Async function is only available in ES8

class Products {
    async getProducts() {
        try {
            const result = await fetch("products.json");
            return result;
        } catch (error) {
            console.log(error);
        }
    }
}

What exactly is your question? You only provided some code without any context of what you are trying to do or what is wrong.

If you are using some framework or library, you will have babel, so who cares where is available async await ?

I think fetch is already an async function. So there is no need of await in front of fetch
if i am wrong just correct me.

if You want to fetch something from api

fetch(`http:\\server domain`)
.then((res)=>{
return res.,json()
}).then((res)=>{
return res
// this is only for fetching json data from api
//
}

Just correct me if i am wrong

You are right but there’s no need for the 2nd .then call since you’re just returning the same thing unless you wanted to specify some other transformation I’m not aware of.

And the async keyword in getProducts is indeed pointless, it does not need to be there because a call to fetch (even with .thens) is already an async promise. I’d just do:

class Products {
  getProducts() {
    return fetch('products.json').then(r => r.json())
  }
}

Which to anyone familiar with angular is almost the same as a Service function that returns an Observable, or in this case, a promise.

.then() and await are both different ways to consume a promise. You could use either but await has a cleaner syntax so I would recommend using it instead. The second .then is for the .json call which also returns a promise

I think the best way to define it is as follows:

  • .then: Is an alias for an operation called “flatMap” famous in functional programming languages that support monadic data structures and procedures. Sounds too fancy but all it does is: transforms whatever is in the container (in this case, a Promise; in other languages: a Future) with whatever the callback you pass to it returns and then wraps said value in the same container. Why flatMap and not just a regular map? Because .then transforms a promise of a promise into a single promise, hence the flat in flatMap.
Promise.resolve(25).then(Math.sqrt) // this maps the inner 25 to a 5 but keeps the Promise wrapper. So when the next .then comes into play, it'll now receive a 5.

fetch('https://someapi.com/')
  .then(r.json())
  .then({ someProp } => fetch('https://anotherapi.com/' + someProp))
  .then(console.log)
// The above code evaluates to a Promise(undefined)
// because console.log is a void function that returns undefined.
// But it doesn't matter because you already did some side effect
// with the value of the intermediate Pormise(Object) returned
// from 'anotherapi.com'. Notice how it's not a
// Promise(Promise(Object) because of the
// pseudo-monadic nature of promises in JS.

Why can we consume the result? Because JS is not a purely functional language and it allows side effects, so you can pretty much do anything with it like assigning it to an external variable or global state, log it, send it inside a POST request somewhere, save it to localstorage, etc.

  • Async/Await: Works just the same except it expects whatever the promise resolves to. A return value from an async function is a Promise wrapping the return value. All the side effects are performed inside the entire async function and then return (or not) whatever you want to return. Async functions can be void or Promise(something) it only matters to the problem you’re trying to solve.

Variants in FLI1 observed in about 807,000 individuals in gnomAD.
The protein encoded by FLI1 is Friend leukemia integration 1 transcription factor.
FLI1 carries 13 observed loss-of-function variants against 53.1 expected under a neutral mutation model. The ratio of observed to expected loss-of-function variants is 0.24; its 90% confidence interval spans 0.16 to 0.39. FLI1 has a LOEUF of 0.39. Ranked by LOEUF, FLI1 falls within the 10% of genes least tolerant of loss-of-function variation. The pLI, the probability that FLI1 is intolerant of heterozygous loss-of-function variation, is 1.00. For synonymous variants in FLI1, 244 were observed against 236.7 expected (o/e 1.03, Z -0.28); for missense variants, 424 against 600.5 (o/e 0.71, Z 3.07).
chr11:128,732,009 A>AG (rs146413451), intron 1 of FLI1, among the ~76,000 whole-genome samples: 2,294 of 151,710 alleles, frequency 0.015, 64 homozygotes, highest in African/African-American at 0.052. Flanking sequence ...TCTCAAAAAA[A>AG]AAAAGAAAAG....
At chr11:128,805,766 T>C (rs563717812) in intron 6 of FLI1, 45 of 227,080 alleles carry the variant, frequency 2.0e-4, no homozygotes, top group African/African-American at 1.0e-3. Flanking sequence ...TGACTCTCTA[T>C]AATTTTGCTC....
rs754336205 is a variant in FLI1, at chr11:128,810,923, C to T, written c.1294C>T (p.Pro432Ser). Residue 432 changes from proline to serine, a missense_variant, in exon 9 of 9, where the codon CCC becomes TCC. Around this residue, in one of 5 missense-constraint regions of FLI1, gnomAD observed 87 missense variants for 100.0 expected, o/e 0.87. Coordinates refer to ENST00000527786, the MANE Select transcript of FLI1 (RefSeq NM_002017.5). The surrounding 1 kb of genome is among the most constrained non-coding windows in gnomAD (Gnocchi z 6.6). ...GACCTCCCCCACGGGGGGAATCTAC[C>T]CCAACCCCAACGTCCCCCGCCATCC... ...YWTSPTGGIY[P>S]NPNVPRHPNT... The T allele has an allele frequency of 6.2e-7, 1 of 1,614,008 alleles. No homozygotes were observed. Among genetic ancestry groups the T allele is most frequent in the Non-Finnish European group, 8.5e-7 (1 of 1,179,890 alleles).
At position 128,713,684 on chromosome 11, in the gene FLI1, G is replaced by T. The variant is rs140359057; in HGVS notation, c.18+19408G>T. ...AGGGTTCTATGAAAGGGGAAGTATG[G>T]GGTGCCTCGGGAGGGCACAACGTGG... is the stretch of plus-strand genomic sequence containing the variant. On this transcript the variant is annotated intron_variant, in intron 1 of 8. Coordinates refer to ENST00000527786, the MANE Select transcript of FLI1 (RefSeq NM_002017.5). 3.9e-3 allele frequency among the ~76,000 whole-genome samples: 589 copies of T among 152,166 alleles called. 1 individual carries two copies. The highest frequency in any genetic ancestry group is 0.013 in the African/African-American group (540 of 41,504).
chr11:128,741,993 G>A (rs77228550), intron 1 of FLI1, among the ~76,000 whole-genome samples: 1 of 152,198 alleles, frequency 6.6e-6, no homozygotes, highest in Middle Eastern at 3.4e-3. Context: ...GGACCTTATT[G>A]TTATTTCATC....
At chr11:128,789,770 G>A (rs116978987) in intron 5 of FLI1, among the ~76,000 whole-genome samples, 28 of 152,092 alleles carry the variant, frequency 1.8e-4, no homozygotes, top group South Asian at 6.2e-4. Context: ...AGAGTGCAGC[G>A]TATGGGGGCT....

Fetch returns a Promise of Response (a special type of object), a call to .json() part of the Response prototype (or .text()) returns a Promise of a JSON object or a String if you called .text(). That’s why I said there’s no point in doing a .then that all it does is return whatever it’s passed to it, that’s called an “identity function” f(x) = x useful for some things but not in this case.

async function foo() { return 5 } yields Promise(5) when called. So you can basically call it from another async function with an await and you’ll get the pure 5.

2 Likes

What will happen with your code if backend sends you text/plain or html ?

Javascript doesn’t know how to interpret HTML or XML (as far as I know) by itself without the help of libraries, only JSON.

The response object has a method called .text() which transforms the ReadableStream into a string.

Now, if it’s HTML or XML you can use the string or if you want to structure it somehow, use a library like Cheerio or any other.

asda

Async function is ES8. Fetch is what ES6? Does that imply a progression?
We use the ‘async’ and ‘await’ in C#.NET code for asynchronous. I have to
say that the chained ‘then()’ operations add more confusion due to the dependence
of their positioning whereas the Async function of ES8 is simpler to understand and
with the keywords also more self documenting as to their purpose.

You can use callbacks or promises for asynchronous code in JS. The then syntax is promises. They’re equivalent to futures in C# (Task<T>). The async/await syntax in JS is just syntactic sugar over promises, and is taken from C#.

There’s no such thing as ES8, and ES6 was a temporary name. The language gets features added via the review process handled by the tc39 group. It was initially yearly additions to the language (so ES2015, ES2016, etc), now it is just when proposals reach stage 4 of the review process & have been implemented across browsers.

babel still makes the year distinctions, because by its nature it has to. Far as I know, ES2019 is basically “whatever made it to stage 4 in 2018”. It even has abbreviations up to ES9 (possibly more?) but those are confusing to almost everyone.

Yeah I should have added that (the env preset takes most up the date plugins I think though if set to do so? I tend to try to ignore the config setup until something stops working)